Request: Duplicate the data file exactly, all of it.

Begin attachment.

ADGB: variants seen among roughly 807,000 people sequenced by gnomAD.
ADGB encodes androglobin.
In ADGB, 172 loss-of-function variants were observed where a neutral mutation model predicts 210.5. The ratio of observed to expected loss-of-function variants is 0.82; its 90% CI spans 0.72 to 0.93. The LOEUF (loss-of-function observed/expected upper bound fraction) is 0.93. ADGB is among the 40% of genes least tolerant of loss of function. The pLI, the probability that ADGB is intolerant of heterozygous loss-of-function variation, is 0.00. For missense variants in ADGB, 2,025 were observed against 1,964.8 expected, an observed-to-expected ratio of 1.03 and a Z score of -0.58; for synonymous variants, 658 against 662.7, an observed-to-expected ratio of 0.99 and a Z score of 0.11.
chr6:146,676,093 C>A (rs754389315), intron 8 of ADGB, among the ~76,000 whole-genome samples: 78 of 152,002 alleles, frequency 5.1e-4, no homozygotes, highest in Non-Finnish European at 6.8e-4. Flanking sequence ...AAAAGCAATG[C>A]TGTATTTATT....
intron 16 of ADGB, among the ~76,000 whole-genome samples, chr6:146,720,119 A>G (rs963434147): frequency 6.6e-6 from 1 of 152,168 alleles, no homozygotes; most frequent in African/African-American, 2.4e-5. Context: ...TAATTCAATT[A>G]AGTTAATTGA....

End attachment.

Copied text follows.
ADGB: variants seen among roughly 807,000 people sequenced by gnomAD.
ADGB encodes androglobin.
In ADGB, 172 loss-of-function variants were observed where a neutral mutation model predicts 210.5. The ratio of observed to expected loss-of-function variants is 0.82; its 90% CI spans 0.72 to 0.93. The LOEUF (loss-of-function observed/expected upper bound fraction) is 0.93. ADGB is among the 40% of genes least tolerant of loss of function. The pLI, the probability that ADGB is intolerant of heterozygous loss-of-function variation, is 0.00. For missense variants in ADGB, 2,025 were observed against 1,964.8 expected, an observed-to-expected ratio of 1.03 and a Z score of -0.58; for synonymous variants, 658 against 662.7, an observed-to-expected ratio of 0.99 and a Z score of 0.11.
chr6:146,676,093 C>A (rs754389315), intron 8 of ADGB, among the ~76,000 whole-genome samples: 78 of 152,002 alleles, frequency 5.1e-4, no homozygotes, highest in Non-Finnish European at 6.8e-4. Flanking sequence ...AAAAGCAATG[C>A]TGTATTTATT....
intron 16 of ADGB, among the ~76,000 whole-genome samples, chr6:146,720,119 A>G (rs963434147): frequency 6.6e-6 from 1 of 152,168 alleles, no homozygotes; most frequent in African/African-American, 2.4e-5. Context: ...TAATTCAATT[A>G]AGTTAATTGA....